$token = $user->generateToken();
        $headers = ['Authorization' => "Bearer $token"];
        $article = factory(Article::class)->create([
            'title' => 'First Article',
            'body' => 'First Body',
        ]);

        $payload = [
            'title' => 'Lorem',
            'body' => 'Ipsum',
        ];

        $response = $this->json('PUT', '/api/articles/' . $article->id, $payload, $headers)
            ->assertStatus(200)
            ->assertJson([ 
                'id' => 1, 
                'title' => 'Lorem', 
                'body' => 'Ipsum' 
            ]);
    }

    public function testsArtilcesAreDeletedCorrectly()
    {
        $user = factory(User::class)->create();
        $token = $user->generateToken();
        $headers = ['Authorization' => "Bearer $token"];
        $article = factory(Article::class)->create([
            'title' => 'First Article',
            'body' => 'First Body',
        ]);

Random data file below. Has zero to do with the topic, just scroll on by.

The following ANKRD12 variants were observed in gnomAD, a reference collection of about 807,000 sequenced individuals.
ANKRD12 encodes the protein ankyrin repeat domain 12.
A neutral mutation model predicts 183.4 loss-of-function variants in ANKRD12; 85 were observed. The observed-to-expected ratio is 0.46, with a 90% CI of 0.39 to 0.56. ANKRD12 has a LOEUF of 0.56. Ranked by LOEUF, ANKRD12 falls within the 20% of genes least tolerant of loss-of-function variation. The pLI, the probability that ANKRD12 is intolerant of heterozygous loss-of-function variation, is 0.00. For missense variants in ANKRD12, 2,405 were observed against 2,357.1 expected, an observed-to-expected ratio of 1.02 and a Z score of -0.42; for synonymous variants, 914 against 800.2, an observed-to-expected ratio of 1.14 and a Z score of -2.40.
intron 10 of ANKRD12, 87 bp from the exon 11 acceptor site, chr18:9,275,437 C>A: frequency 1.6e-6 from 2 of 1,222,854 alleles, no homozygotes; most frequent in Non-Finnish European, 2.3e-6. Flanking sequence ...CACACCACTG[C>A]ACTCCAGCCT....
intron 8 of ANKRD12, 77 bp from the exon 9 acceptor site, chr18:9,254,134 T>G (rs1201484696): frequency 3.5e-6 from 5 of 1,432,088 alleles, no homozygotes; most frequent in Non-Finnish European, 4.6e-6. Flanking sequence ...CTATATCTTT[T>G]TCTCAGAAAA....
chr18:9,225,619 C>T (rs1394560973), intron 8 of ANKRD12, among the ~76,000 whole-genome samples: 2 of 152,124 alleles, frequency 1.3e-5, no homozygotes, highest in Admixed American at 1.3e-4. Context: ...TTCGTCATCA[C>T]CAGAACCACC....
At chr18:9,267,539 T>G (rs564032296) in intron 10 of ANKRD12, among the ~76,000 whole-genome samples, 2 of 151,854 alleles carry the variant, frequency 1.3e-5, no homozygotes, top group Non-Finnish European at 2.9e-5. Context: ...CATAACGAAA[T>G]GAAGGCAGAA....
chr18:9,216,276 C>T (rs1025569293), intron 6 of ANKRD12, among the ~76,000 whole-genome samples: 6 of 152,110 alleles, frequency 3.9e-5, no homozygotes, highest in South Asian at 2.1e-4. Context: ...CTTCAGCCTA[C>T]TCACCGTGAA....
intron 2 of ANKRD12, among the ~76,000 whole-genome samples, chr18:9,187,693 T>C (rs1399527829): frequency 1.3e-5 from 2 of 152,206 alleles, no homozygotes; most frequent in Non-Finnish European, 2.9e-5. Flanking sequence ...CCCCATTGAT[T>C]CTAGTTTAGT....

$this->json('DELETE', '/api/articles/' . $article->id, [], $headers)
            ->assertStatus(204);
    }

    public function testArticlesAreListedCorrectly()
    {
        factory(Article::class)->create([
            'title' => 'First Article',
            'body' => 'First Body'
        ]);

        factory(Article::class)->create([
            'title' => 'Second Article',
            'body' => 'Second Body'
        ]);

        $user = factory(User::class)->create();
        $token = $user->generateToken();
        $headers = ['Authorization' => "Bearer $token"];

        $response = $this->json('GET', '/api/articles', [], $headers)
            ->assertStatus(200)
            ->assertJson([